Abstract 19708: Reductive Metabolism of Carnosine Conjugates Attenuates the Formation of Advanced Lipoxidation Products
Cardiovascular oxidative stress results in the oxidation of membrane lipids and the generation of reactive carbonyl species (RCS). The RCS react with proteins to form advanced lipoxidation products (ALEs), which are known to be generated during ischemia and heart failure and trigger inflammation. Although RCS such as acrolein and 4-hydroxy-trans-2-nonenal (HNE) form covalent adducts with endogenous quenchers such as carnosine (CAR) and histidine (HIS), the significance of this metabolism is unclear. Because their aldehyde group is unbound and therefore CAR-RCS and HIS-RCS conjugates can react and cross link proteins, we evaluated the role of aldose reductase (AR), a member of aldo-keto reductase family, in the reduction of CAR and HIS-acrolein conjugates. Mass spectrometric analysis of purified CAR and HIS-acrolein conjugates incubated with recombinant AR showed a significant reduction of CAR-acrolein conjugates to their corresponding alcohols. In comparison with heart and skeletal muscle of wild-type C57BL/6 mice, reduction of CAR-acrolein adducts in tissues from AR-null mice was 20-50 % lower (p <0.001). The abundance of reduced endogenous CAR-acrolein conjugates, generated by incubating acrolein with muscle homogenates, was significantly lower in WT (20-30 %, P<0.001) than in AR-null (5-10%) tissue. Profiling of HIS containing peptides in urine by highly sensitive and selective Hybrid FT Mass spectrometer showed that the CAR-acrolein conjugate is hydrolyzed to HIS-acrolein by carnosinase present in the plasma. Quantitative profiling of WT and AR-null urine samples showed 5-8 fold decrease in the reduced form of HIS-acrolein in the AR-null vs WT. mice. Oxy-blot analysis of heart and muscle homogenates incubated with CAR - acrolein showed that the CAR-acrolein protein adducts were 2-3 fold, (P<0.01) lower in the WT than AR-null mice. These data indicate that the quenching of RCS by CAR is not sufficient to prevent ALE formation and that reduction by AR is essential for attenuating the formation of protein aldehyde adducts during oxidative stress.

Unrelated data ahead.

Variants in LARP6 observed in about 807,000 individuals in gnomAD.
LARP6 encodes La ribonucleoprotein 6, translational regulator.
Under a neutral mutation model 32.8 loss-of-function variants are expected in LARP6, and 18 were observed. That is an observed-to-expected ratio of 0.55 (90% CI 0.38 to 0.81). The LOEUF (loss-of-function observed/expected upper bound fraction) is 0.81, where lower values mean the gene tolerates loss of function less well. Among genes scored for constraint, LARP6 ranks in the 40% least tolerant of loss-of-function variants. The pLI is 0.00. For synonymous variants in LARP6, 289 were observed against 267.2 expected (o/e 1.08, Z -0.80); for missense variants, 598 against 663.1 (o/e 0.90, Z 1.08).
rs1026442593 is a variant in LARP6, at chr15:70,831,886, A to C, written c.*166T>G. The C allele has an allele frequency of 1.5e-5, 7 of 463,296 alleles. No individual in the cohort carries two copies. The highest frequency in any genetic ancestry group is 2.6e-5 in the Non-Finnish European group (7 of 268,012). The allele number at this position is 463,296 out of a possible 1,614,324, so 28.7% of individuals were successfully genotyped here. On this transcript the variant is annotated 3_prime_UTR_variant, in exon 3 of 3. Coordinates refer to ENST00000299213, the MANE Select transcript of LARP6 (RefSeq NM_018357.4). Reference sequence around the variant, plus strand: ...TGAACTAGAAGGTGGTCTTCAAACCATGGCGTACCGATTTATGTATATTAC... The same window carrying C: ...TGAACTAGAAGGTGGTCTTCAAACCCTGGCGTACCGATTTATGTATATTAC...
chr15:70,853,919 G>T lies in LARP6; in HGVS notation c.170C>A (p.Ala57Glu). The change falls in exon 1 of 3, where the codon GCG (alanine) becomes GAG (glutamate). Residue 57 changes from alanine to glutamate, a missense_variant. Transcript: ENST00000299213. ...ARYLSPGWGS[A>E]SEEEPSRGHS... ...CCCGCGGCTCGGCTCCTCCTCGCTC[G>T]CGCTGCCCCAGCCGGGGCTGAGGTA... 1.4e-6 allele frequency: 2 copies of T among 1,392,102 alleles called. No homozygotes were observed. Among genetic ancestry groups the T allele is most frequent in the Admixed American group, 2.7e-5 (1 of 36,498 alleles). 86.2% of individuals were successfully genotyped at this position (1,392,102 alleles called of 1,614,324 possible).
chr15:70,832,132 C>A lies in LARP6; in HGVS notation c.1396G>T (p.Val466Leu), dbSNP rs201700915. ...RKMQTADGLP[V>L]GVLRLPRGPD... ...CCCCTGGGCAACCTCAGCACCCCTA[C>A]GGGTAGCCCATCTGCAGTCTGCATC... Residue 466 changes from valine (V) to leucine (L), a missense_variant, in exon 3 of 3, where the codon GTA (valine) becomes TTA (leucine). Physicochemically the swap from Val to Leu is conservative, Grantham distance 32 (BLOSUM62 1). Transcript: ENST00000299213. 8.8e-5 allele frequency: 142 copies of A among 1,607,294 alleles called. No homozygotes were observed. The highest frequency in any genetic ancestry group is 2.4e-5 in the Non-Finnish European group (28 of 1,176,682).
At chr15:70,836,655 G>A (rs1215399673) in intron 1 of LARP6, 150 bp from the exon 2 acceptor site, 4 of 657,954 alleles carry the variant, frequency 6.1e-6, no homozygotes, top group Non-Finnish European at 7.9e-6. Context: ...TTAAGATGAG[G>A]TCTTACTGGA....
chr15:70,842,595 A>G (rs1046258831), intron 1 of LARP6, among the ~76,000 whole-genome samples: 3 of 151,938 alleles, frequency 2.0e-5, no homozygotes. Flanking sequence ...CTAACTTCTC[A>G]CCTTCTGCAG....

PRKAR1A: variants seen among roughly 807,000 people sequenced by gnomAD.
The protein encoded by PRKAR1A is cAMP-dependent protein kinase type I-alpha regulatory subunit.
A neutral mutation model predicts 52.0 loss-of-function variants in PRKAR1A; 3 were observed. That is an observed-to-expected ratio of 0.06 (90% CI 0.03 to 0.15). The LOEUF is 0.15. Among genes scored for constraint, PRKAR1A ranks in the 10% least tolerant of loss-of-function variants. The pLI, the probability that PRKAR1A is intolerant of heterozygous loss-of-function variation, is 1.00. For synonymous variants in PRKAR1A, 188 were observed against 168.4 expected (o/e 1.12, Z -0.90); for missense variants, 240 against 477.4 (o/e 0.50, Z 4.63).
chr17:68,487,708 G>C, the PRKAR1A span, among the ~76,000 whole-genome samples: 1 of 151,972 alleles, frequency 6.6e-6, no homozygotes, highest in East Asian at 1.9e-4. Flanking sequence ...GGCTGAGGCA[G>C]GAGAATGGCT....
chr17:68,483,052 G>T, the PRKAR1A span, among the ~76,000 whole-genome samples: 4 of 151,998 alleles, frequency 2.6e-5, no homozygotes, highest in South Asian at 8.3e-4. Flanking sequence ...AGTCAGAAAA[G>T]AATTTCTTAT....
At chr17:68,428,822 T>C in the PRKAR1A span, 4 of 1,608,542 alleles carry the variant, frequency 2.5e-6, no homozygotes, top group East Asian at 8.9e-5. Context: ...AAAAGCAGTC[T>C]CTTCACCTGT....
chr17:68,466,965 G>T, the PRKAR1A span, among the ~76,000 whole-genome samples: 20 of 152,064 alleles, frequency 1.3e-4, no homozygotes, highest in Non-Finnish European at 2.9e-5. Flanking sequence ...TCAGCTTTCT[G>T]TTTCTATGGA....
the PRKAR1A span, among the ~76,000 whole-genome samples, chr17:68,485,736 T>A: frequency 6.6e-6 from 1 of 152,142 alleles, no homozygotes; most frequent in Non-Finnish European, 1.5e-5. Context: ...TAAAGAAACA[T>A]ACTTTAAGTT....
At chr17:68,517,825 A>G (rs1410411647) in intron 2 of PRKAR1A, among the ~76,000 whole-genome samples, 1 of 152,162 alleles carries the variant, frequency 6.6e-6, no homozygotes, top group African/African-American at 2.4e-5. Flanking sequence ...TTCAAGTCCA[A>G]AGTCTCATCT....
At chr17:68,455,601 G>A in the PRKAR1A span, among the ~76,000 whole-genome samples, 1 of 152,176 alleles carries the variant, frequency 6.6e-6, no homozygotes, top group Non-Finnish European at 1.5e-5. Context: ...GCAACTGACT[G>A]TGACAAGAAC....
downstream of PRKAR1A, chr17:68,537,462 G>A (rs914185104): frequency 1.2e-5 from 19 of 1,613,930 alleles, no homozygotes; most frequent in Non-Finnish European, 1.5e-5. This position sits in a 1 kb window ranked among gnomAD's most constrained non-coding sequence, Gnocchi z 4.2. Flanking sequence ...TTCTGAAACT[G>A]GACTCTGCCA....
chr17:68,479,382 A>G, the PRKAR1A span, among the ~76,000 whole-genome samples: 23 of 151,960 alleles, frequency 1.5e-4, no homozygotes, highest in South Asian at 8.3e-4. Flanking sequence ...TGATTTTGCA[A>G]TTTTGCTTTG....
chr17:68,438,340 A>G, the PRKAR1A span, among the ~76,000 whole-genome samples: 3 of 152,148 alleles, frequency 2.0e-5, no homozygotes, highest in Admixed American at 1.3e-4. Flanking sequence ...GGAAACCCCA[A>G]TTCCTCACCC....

- © 2010 by American Heart Association, Inc.